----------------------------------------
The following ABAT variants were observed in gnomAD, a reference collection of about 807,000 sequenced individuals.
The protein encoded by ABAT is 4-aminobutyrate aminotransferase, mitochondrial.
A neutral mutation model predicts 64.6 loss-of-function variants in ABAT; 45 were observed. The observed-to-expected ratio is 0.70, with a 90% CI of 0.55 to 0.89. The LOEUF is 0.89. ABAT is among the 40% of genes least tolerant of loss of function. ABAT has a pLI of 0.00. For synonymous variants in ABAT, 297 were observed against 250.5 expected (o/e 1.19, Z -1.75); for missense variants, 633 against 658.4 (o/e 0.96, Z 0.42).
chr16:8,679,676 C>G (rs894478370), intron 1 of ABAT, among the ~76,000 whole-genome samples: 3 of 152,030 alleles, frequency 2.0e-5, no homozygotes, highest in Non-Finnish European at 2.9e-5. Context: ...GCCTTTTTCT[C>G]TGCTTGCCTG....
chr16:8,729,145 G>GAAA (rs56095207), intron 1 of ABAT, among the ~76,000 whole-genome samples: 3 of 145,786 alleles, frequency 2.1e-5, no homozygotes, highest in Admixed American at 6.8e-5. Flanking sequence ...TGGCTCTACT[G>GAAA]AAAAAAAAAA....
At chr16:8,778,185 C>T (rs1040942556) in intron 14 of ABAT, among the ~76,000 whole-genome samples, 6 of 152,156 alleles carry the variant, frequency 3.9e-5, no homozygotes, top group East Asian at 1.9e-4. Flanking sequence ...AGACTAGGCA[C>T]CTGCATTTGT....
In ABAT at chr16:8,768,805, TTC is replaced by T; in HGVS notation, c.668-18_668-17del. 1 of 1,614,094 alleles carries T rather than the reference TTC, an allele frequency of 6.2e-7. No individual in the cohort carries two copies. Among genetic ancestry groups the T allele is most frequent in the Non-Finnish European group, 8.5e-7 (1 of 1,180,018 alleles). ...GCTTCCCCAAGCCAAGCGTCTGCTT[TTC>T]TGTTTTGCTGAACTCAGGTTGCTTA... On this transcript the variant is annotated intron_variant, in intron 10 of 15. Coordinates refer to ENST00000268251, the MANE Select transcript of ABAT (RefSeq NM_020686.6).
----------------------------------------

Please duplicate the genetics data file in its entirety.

The following ABAT variants were observed in gnomAD, a reference collection of about 807,000 sequenced individuals.
The protein encoded by ABAT is 4-aminobutyrate aminotransferase, mitochondrial.
A neutral mutation model predicts 64.6 loss-of-function variants in ABAT; 45 were observed. The observed-to-expected ratio is 0.70, with a 90% CI of 0.55 to 0.89. The LOEUF is 0.89. ABAT is among the 40% of genes least tolerant of loss of function. ABAT has a pLI of 0.00. For synonymous variants in ABAT, 297 were observed against 250.5 expected (o/e 1.19, Z -1.75); for missense variants, 633 against 658.4 (o/e 0.96, Z 0.42).
chr16:8,679,676 C>G (rs894478370), intron 1 of ABAT, among the ~76,000 whole-genome samples: 3 of 152,030 alleles, frequency 2.0e-5, no homozygotes, highest in Non-Finnish European at 2.9e-5. Context: ...GCCTTTTTCT[C>G]TGCTTGCCTG....
chr16:8,729,145 G>GAAA (rs56095207), intron 1 of ABAT, among the ~76,000 whole-genome samples: 3 of 145,786 alleles, frequency 2.1e-5, no homozygotes, highest in Admixed American at 6.8e-5. Flanking sequence ...TGGCTCTACT[G>GAAA]AAAAAAAAAA....
At chr16:8,778,185 C>T (rs1040942556) in intron 14 of ABAT, among the ~76,000 whole-genome samples, 6 of 152,156 alleles carry the variant, frequency 3.9e-5, no homozygotes, top group East Asian at 1.9e-4. Flanking sequence ...AGACTAGGCA[C>T]CTGCATTTGT....
In ABAT at chr16:8,768,805, TTC is replaced by T; in HGVS notation, c.668-18_668-17del. 1 of 1,614,094 alleles carries T rather than the reference TTC, an allele frequency of 6.2e-7. No individual in the cohort carries two copies. Among genetic ancestry groups the T allele is most frequent in the Non-Finnish European group, 8.5e-7 (1 of 1,180,018 alleles). ...GCTTCCCCAAGCCAAGCGTCTGCTT[TTC>T]TGTTTTGCTGAACTCAGGTTGCTTA... On this transcript the variant is annotated intron_variant, in intron 10 of 15. Coordinates refer to ENST00000268251, the MANE Select transcript of ABAT (RefSeq NM_020686.6).